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Punjab polls a year away but Akalis start campaign, announce 2 party candidates too

Experts see Akalis’ early preparation as good strategy since the election is likely to be a major challenge for the 100-year-old party, which broke up with BJP over farm laws last year.

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Chandigarh: Elections to the Punjab assembly are almost a year away but the Shiromani Akali Dal (SAD) has already started its preparations, even announcing two candidates for the 2022 polls.

The party was voted out of power in the last assembly elections after two successive terms in office, coming in third behind the Congress and newbie Aam Aadmi Party (AAP). The party is likely to go solo this election as it broke up with long-term ally BJP last year over the farm laws. 

Over the past week alone, Ferozepur MP and SAD president Sukhbir Singh Badal has addressed two rallies and held at least a dozen workers’ meetings. 

On Sunday, the former Punjab deputy chief minister started the 2022 campaign with a rally in Jalalabad, his home constituency, where he declared himself a candidate for the election. Sukhbir was the MLA for Jalalabad when he contested and won the Ferozepur Lok Sabha seat in the 2019 parliamentary elections. 

On Monday, at another rally in Khemkaran, Sukhbir declared former MLA and senior Akali leader Virsa Singh Valtoha the candidate from the constituency. More rallies were planned over the rest of the month but they were cancelled after Sukhbir tested positive for Covid-19 Tuesday.

The Akali Dal is the only party in the state that has already declared two candidates for the 117-seat assembly.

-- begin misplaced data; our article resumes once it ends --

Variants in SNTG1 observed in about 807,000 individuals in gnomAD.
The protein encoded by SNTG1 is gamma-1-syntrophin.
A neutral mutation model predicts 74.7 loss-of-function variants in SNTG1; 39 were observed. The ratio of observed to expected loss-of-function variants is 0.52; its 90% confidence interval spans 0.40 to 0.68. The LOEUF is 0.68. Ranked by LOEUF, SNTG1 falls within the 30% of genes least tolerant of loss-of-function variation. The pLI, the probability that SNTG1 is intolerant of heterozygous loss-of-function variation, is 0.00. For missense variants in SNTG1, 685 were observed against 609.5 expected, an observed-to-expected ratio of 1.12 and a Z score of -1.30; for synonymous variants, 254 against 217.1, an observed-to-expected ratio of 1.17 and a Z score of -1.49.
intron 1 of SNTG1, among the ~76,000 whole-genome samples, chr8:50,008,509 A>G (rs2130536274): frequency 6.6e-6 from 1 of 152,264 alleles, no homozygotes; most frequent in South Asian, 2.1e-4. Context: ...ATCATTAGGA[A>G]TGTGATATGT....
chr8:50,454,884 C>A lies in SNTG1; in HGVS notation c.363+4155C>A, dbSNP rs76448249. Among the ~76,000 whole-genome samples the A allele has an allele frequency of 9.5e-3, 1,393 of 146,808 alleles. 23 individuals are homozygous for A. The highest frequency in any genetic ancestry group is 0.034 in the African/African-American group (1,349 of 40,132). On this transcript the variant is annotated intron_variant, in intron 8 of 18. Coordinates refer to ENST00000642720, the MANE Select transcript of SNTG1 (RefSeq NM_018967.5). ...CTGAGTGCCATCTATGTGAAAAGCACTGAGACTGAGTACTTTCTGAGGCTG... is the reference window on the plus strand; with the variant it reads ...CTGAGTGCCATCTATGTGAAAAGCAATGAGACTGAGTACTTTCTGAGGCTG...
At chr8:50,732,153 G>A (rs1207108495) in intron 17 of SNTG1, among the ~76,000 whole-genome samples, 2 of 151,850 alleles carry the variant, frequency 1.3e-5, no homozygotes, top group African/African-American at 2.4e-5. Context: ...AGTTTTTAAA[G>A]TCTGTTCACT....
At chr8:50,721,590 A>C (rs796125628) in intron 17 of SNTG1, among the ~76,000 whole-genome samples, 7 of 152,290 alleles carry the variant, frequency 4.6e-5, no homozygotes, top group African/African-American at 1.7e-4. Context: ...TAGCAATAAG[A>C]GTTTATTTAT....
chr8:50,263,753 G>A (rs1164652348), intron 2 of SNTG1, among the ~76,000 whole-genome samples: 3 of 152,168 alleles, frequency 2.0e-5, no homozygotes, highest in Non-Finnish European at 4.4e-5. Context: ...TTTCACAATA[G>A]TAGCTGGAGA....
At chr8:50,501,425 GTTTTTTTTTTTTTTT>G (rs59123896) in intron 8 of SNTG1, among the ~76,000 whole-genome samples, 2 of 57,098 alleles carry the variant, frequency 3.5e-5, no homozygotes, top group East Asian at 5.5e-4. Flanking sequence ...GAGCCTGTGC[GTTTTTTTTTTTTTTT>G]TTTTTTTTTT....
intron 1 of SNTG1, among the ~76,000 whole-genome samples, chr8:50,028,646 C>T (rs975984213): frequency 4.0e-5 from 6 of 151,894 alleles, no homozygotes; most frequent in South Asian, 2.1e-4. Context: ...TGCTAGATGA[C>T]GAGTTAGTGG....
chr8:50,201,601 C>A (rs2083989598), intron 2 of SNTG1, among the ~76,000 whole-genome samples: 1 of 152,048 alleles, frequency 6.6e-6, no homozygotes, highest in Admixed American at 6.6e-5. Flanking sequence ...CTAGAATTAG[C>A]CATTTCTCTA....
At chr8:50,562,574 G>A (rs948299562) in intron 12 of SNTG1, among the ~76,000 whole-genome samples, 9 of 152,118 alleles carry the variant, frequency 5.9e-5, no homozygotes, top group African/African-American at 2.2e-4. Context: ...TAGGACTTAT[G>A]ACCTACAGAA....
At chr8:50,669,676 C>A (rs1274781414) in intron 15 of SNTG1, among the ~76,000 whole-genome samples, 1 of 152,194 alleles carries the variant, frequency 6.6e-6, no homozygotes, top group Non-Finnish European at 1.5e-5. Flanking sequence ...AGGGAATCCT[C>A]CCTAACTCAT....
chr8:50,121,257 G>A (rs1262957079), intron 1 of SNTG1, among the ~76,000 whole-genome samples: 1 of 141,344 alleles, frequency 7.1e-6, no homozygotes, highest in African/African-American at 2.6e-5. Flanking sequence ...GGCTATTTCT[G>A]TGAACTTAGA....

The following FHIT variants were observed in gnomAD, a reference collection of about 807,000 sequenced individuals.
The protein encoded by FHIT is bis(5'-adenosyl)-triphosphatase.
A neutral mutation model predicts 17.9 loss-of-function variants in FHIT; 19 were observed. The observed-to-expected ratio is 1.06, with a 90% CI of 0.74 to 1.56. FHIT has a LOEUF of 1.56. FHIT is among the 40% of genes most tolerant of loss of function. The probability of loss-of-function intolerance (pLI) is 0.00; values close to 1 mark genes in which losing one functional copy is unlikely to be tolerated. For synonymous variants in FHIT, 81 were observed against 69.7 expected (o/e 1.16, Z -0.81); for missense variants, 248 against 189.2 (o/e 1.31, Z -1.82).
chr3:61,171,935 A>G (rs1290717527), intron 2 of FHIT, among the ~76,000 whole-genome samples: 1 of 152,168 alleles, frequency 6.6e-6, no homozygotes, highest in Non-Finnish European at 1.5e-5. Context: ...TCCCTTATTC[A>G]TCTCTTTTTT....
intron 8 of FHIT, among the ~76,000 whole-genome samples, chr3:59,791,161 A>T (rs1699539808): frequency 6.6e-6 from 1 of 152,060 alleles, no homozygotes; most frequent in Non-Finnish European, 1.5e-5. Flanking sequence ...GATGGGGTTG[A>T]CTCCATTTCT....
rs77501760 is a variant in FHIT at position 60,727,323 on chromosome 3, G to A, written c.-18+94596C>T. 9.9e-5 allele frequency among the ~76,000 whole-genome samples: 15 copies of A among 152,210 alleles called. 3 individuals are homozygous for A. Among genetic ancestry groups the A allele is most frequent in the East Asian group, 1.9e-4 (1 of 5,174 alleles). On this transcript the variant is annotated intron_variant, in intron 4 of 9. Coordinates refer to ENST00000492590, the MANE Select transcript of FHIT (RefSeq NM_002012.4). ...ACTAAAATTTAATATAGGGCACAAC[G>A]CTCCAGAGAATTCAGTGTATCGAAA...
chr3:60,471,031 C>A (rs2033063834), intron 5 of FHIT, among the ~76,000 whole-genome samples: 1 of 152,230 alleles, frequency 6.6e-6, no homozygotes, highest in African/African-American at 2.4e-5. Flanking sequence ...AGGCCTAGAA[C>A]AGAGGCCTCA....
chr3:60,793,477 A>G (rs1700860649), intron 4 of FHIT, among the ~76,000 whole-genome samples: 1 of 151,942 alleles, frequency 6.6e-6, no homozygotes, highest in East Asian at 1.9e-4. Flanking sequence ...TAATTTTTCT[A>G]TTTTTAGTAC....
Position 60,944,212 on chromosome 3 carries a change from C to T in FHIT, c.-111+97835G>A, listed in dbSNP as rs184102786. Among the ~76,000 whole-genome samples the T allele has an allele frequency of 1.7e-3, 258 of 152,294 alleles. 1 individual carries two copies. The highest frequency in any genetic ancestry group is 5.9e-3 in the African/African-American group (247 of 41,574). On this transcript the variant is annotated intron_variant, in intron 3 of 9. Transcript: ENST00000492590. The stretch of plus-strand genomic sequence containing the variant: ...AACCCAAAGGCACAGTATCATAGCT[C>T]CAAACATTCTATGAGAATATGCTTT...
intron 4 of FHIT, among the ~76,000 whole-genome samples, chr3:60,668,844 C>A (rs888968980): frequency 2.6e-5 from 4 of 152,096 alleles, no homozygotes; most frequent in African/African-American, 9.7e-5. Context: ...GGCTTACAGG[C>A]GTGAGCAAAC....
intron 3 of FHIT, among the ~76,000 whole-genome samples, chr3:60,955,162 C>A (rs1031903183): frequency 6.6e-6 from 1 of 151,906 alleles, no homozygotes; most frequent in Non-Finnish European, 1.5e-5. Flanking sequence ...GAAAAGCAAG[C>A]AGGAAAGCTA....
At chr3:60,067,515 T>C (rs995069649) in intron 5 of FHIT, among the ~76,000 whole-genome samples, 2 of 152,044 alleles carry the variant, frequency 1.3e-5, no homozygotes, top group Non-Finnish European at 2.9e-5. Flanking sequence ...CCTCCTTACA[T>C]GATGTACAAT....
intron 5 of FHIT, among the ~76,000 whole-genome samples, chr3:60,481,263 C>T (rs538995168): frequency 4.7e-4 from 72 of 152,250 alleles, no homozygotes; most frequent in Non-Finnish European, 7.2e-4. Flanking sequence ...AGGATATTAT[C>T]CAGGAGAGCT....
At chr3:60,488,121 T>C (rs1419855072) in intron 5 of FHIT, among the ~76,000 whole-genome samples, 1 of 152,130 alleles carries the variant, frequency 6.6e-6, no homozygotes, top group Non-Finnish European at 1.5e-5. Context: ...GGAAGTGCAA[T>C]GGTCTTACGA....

Experts say it is a good strategy for the SAD to start its campaign early, adding that the polls will prove among the biggest electoral challenges for the 100-year-old party. 

The SAD won 15 of the 94 seats it contested in the 2017 election, while then ally BJP scored three of 23. The Congress won 77 seats, and the AAP, making its maiden outing in a Punjab assembly election, got 20 of the 112 seats it contested.

Apart from the split from the BJP, the SAD will also find itself entering the election season amid criticism about its handling of the 2015 Guru Granth Sahib desecration episode. Police firing at a protest against the desecration of the Sikh holy book led to the death of two protesters, and the then SAD government’s conduct in the matter remains under investigation.


Also Read: BJP treated allies like spare tyres, has no minority support now, says SAD chief Sukhbir Badal


‘Unkept promises’

The SAD campaign for 2022 has been launched under the banner “Punjab mangda jawaab (Punjab wants answers)” aimed at attacking Chief Minister Captain Amarinder Singh over what is described as his unkept promises from the 2017 assembly election.

At his rallies, Sukhbir sought to remind the public that Amarinder swore by the Gutka Sahib (a breviary containing Sikh religious text, hymns and prayers) while making the promises. “Has any of those promises been fulfilled?” he asked the public at his rallies.